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The Types of Rugs


Most often it is the construction of an area rug that establishes its formality or informality. Rag, hooked and braided rugs are considered informal and casual, perfect for country settings. On the opposite end, Aubusson and Oriental rugs generally appear in formal rooms with period furniture. Needlepoint, Dhurrie and Khilim rugs span the middle. There are always exceptions to rules. If you have a good eye for design and color then you can use area rugs in an eclectic manner, gracefully mixing rug and furniture styles to create a comfortable ambiance.

Here are some of the most popular types of area rugs:

  • Braided – Three fabric strips, with cut edges folded in by hand or machine, are braided then the braids are stitched together in rounds, ovals or straight rows to make these casual reversible rugs.
  • Aubusson – A flat tapestry pile made from a fine yarn, the original French is style is characterized by a central medallion in the field with a wide border repeating some center details.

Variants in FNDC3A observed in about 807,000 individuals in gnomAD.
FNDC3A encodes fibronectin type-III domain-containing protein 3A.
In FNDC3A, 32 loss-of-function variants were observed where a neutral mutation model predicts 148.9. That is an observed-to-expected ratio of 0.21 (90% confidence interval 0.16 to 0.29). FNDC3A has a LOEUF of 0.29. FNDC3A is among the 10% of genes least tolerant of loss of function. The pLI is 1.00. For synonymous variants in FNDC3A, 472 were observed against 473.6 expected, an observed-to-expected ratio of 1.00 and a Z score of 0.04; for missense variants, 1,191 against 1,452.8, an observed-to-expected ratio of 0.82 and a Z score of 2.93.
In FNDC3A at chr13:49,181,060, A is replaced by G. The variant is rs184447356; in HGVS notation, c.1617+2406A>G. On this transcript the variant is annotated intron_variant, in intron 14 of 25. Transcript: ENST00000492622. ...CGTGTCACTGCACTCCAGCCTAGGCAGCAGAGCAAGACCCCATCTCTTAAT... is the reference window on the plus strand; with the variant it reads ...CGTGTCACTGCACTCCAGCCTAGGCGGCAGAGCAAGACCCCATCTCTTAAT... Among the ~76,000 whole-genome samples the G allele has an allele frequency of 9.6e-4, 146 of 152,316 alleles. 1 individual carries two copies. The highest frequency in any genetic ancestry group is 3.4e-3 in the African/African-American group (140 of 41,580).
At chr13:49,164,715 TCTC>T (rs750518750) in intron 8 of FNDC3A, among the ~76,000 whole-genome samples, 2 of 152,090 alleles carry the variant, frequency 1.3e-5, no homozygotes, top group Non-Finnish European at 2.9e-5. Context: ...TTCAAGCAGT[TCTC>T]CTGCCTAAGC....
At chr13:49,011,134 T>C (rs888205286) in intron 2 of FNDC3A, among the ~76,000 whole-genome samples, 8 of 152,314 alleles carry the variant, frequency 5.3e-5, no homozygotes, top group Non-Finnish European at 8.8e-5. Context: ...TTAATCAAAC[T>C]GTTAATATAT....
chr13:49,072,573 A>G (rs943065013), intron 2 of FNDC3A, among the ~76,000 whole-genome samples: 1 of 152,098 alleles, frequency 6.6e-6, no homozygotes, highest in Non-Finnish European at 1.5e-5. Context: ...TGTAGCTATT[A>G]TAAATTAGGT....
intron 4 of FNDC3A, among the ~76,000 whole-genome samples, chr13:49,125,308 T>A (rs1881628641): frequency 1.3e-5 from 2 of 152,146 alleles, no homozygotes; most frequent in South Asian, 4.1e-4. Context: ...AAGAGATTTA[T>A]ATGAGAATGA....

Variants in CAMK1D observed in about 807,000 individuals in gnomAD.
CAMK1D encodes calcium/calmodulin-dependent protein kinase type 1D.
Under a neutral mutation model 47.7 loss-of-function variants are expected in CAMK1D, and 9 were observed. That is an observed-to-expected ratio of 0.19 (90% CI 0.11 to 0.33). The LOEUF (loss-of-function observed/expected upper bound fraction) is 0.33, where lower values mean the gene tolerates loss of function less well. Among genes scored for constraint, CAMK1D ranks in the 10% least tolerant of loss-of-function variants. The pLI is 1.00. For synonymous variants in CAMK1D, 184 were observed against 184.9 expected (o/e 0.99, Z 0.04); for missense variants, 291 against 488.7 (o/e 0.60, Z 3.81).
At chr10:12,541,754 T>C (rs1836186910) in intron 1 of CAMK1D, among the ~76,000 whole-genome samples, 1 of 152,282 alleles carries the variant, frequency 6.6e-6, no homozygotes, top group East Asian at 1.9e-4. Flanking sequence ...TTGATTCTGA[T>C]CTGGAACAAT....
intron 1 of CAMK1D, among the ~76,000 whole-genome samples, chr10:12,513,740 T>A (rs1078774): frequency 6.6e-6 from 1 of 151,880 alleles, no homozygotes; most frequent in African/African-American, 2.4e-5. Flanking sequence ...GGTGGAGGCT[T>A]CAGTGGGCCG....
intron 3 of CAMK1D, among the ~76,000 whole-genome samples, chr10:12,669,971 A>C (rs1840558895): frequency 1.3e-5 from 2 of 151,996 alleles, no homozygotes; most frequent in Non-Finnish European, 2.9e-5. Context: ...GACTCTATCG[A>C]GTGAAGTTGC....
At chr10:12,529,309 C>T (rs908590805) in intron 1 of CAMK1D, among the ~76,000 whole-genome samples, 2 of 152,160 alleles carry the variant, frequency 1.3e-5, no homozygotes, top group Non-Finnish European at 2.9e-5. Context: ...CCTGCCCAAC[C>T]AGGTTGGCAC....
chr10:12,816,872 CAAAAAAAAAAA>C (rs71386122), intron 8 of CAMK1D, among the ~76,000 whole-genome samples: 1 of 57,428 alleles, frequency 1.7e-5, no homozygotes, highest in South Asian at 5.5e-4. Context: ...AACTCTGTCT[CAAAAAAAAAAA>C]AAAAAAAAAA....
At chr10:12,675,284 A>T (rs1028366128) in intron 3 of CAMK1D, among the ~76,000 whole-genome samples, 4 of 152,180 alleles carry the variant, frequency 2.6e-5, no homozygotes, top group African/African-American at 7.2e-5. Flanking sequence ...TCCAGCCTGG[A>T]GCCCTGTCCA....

• Dhurrie – Hand-woven in India of colourful wool or cotton yarns that cover the cotton warp in a tapestry weave, these reversible rugs have soft colors and varied designs.
  • Khilim – A style of Oriental rug, Khilims are hand-woven in Anatolia, Persia, Turkestan and some Balkan States with heavy, twisted wool yarn in a split tapestry weave that is reversible.
  • Hooked – This rug is made with heavy yarn or a strip of fabric pulled through a mesh by a hook or needle to form a looped pile. Hooked rugs can be hand or machine-made.
  • Oriental – Classically any handmade rug from Turkey eastward to the Borth Pacific Ocean is an Oriental rug. The many styles are named for their regions or the peoples who make them. Machine-made reproductions at popular prices are available in many styles.
  • Rag – Torn strips of fabric with the edges visible or concealed are either woven, crocheted or knitted to make rag rugs. Colors usually run randomly throughout this type of rug and it is reversible.
  • Needlepoint – Tiny diagonal stitches are handmade across the threads of an even-weave canves with wool yarn. An 18th Century art form, needlepoint rugs are often made in floral or geometric patterns.

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